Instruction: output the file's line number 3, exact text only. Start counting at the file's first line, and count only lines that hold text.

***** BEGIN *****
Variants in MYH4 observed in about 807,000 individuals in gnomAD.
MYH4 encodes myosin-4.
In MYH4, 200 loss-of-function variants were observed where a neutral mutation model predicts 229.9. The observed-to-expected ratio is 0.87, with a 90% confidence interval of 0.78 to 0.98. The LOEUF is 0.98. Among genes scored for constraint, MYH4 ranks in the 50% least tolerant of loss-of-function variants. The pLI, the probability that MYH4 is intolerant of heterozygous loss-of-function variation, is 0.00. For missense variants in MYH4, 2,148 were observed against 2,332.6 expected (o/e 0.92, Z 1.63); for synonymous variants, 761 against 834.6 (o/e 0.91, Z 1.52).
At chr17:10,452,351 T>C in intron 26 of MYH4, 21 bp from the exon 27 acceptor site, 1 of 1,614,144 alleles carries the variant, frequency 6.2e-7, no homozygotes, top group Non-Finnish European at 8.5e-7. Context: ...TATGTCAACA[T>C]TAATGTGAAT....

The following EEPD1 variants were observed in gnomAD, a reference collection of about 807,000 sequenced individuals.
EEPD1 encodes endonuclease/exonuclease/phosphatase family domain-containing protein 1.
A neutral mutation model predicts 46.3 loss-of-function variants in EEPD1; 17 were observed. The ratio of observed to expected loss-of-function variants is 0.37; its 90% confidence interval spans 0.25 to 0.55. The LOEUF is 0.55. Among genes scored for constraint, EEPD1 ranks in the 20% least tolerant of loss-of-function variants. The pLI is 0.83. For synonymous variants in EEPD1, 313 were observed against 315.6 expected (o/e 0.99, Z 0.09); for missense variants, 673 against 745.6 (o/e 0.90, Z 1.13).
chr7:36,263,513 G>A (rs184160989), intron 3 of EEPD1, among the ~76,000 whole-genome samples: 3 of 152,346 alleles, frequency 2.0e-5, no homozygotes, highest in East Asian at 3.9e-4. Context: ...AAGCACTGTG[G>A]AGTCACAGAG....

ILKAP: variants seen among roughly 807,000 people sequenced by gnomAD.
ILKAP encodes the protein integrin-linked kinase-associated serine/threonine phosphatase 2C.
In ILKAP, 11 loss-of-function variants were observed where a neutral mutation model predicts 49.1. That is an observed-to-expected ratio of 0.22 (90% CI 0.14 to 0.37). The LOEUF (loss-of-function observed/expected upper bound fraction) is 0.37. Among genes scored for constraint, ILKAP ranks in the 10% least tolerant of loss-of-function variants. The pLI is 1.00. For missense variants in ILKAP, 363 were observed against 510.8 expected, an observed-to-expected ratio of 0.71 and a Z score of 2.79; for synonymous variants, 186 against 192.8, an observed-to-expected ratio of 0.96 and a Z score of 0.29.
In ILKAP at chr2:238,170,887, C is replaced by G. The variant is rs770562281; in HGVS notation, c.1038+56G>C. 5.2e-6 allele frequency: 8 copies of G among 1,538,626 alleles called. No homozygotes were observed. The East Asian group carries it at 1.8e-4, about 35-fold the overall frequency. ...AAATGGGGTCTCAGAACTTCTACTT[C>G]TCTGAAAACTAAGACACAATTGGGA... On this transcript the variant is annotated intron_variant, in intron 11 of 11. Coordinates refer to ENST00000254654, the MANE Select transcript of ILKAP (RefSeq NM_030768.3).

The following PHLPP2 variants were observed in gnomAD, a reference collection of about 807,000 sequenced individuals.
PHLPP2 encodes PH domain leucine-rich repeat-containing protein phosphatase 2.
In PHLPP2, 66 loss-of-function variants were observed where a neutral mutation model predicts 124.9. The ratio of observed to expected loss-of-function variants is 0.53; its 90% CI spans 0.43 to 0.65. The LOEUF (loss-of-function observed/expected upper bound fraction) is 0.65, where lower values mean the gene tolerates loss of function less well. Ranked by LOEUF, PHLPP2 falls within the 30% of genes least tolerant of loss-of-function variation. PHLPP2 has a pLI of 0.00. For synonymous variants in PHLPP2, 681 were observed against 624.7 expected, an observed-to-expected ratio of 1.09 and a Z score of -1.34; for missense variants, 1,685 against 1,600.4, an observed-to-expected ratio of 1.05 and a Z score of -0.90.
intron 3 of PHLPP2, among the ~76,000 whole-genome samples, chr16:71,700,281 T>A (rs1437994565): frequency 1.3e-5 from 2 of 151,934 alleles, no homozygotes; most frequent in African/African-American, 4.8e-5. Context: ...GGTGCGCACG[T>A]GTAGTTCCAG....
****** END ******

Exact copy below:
In MYH4, 200 loss-of-function variants were observed where a neutral mutation model predicts 229.9. The observed-to-expected ratio is 0.87, with a 90% confidence interval of 0.78 to 0.98. The LOEUF is 0.98. Among genes scored for constraint, MYH4 ranks in the 50% least tolerant of loss-of-function variants. The pLI, the probability that MYH4 is intolerant of heterozygous loss-of-function variation, is 0.00. For missense variants in MYH4, 2,148 were observed against 2,332.6 expected (o/e 0.92, Z 1.63); for synonymous variants, 761 against 834.6 (o/e 0.91, Z 1.52).